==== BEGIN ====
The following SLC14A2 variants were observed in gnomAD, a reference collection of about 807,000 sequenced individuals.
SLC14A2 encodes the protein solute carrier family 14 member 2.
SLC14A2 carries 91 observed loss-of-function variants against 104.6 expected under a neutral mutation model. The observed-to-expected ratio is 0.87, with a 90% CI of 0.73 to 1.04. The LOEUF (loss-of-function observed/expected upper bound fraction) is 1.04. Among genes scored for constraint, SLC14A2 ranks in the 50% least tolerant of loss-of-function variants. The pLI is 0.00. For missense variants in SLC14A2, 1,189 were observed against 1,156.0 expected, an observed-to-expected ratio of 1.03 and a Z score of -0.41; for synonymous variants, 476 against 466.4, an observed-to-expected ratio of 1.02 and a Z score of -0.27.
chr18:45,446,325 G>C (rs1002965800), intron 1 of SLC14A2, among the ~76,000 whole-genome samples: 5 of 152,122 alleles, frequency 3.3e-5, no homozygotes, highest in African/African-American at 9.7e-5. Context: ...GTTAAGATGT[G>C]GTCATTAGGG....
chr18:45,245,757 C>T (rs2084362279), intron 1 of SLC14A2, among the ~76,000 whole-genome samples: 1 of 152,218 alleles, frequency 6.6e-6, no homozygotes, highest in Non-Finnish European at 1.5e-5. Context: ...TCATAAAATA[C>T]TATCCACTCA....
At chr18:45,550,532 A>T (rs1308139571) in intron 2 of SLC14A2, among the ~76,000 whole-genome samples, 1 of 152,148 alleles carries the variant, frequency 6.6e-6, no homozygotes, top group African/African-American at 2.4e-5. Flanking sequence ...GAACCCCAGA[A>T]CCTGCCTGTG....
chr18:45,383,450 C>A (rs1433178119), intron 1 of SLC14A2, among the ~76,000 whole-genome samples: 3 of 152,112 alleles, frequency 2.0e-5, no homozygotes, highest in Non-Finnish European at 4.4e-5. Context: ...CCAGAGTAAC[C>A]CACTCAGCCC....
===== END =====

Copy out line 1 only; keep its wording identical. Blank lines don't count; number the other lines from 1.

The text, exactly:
The following SLC14A2 variants were observed in gnomAD, a reference collection of about 807,000 sequenced individuals.